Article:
In recent society, there seems to be a fast growing trend toward a belief that “everybody’s opinion is equally valid”.
Democracy promotes this ideal, and in turn it is supposed to mean that fairer system should be in place due to the wants of the majority.
However, in part because of the ease of information sharing now (i.e. fast proliferation of twisted facts and misinformation is easy), there can be some powerful misconceptions promoted by using this ideal and backed up by a ‘majority of people’ rather than ‘sensible fact’.
These can be as simple as a conspiracy theory (moon landings), some powerful force that can’t be seen (electromagnetic radiation) or a something scientific that sounds ‘scary’ (water fluoridation maybe, or the ‘chemicals’ present in vaccines).
The strange & recent argument about ‘chem-trails’ is a prime example of a combination conspiracy theory and misunderstanding of science. It is a ridiculous notion for anyone with even a slight scientific background to believe this, but even a prominent (small party) politician recently said on nationwide radio that he ‘did not have enough information to make a decision either way’ on whether these occur rather than say ‘no it is stupid’. The fact that he said this would likely have just convinced another 10,000 people that there was something in it. I would guess also because he is in a minority party looking for as much support as possible he believes that if he doesn’t state his opinion either way some ‘yes’ people will follow him as well as some ‘nos’. Most other sensible politicians would have at least have some misguided sense to avoid answering the questions altogether.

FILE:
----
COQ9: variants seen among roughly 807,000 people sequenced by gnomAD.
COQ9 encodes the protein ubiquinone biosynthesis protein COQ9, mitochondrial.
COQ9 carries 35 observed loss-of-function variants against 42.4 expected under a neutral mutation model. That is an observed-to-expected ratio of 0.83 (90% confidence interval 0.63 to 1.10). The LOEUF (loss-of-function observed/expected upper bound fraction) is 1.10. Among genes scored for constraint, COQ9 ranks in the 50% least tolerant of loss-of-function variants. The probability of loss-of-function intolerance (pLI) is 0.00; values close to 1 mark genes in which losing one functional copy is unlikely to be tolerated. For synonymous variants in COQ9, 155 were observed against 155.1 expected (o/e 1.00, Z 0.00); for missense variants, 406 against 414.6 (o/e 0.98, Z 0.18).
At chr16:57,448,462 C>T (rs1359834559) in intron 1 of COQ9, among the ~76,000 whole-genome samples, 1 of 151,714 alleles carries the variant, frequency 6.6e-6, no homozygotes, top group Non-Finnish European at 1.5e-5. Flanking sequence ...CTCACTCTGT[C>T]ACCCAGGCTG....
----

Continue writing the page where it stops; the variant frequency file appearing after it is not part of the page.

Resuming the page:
The internet is a great space to promote ‘popular’ opinion over scientific reasoning. Why would thousands of people want to make web pages on why vaccinations for debilitating diseases is a good idea? Thousands make web pages on reasons why they might be bad, because quite simply those are the people with time on their hands to do so. The doctors are too busy treating people.
Social media systems also make misinformation easy, as generally the people that have valid information are not the ones that spend time posting the proven facts. I had a discussion once on a local group about the merits of those ‘ultrasonic pest repellers’ to get rid of mice. I stated that there was no known tests available to show that these worked, and most reputable sources showed that they do nothing. Of course 2 other people said, yes they work – they bought one and their mice vanished. One even pointed to some online evidence, on a website from a company that… you guessed it… sold ultrasonic pest repelling devices.
Did you know: Insecticides and other pest control products in the US are monitored by the U.S. Environmental Protection Agency, so consumers can assume that in order for manufacturers to legally market sound repellent products, they must be tested and proven to be effective. However, the EPA doesn’t register pest control devices, so manufacturers of sound repellent devices don’t have to submit proof that their product does what they claim.
On the flipside, the great thing under law is that if you are accused of a crime, it does not matter how many people in general population might say you are guilty. It only matters that there is either factual evidence, or failing that someone with proven expert skill or experience giving testimony as to the ‘most likely’ scenario. If only we could implement this system for facebook posting!
So in summary, if 100 people were in a room and 60% of them believe “the earth is flat…”, it doesn’t make it any closer to being fact, so even if you are part of that 60%…. your opinion still does not matter.
It really doesn’t matter how much you would like your opinion to matter, or whatever you may have heard that you are passing on. Opinions increase in validity based on relevant skill, knowledge and experience, and information is only useful if it can be traced back to actual peer-reviewed testing.
I’ve heard the statement so often that “my opinion is just as valid as yours”, but you should never confuse ‘a valid opinion’ with ‘science’… especially if you know you don’t understand something first hand.
Leave it to the people who do.